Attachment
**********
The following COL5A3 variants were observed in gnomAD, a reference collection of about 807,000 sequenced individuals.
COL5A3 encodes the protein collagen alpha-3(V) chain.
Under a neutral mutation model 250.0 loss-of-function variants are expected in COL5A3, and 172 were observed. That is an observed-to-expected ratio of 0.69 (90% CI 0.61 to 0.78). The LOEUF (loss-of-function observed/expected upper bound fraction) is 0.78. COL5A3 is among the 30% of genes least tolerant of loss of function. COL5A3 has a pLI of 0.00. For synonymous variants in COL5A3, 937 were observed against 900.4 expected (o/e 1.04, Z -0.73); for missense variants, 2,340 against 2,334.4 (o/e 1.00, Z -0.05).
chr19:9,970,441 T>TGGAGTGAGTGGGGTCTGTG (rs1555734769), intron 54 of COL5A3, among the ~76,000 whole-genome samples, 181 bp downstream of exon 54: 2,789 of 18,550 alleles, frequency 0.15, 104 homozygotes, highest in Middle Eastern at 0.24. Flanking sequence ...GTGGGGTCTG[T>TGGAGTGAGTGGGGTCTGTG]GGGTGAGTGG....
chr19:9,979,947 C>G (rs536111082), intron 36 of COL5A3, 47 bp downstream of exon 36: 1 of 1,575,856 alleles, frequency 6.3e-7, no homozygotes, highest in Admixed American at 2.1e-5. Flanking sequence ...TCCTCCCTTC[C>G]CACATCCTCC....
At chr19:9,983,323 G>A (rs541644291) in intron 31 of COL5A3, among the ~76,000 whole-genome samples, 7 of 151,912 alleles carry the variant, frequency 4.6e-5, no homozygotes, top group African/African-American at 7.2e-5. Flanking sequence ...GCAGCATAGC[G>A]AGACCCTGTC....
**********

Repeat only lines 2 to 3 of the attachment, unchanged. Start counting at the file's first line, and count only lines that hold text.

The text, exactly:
COL5A3 encodes the protein collagen alpha-3(V) chain.
Under a neutral mutation model 250.0 loss-of-function variants are expected in COL5A3, and 172 were observed. That is an observed-to-expected ratio of 0.69 (90% CI 0.61 to 0.78). The LOEUF (loss-of-function observed/expected upper bound fraction) is 0.78. COL5A3 is among the 30% of genes least tolerant of loss of function. COL5A3 has a pLI of 0.00. For synonymous variants in COL5A3, 937 were observed against 900.4 expected (o/e 1.04, Z -0.73); for missense variants, 2,340 against 2,334.4 (o/e 1.00, Z -0.05).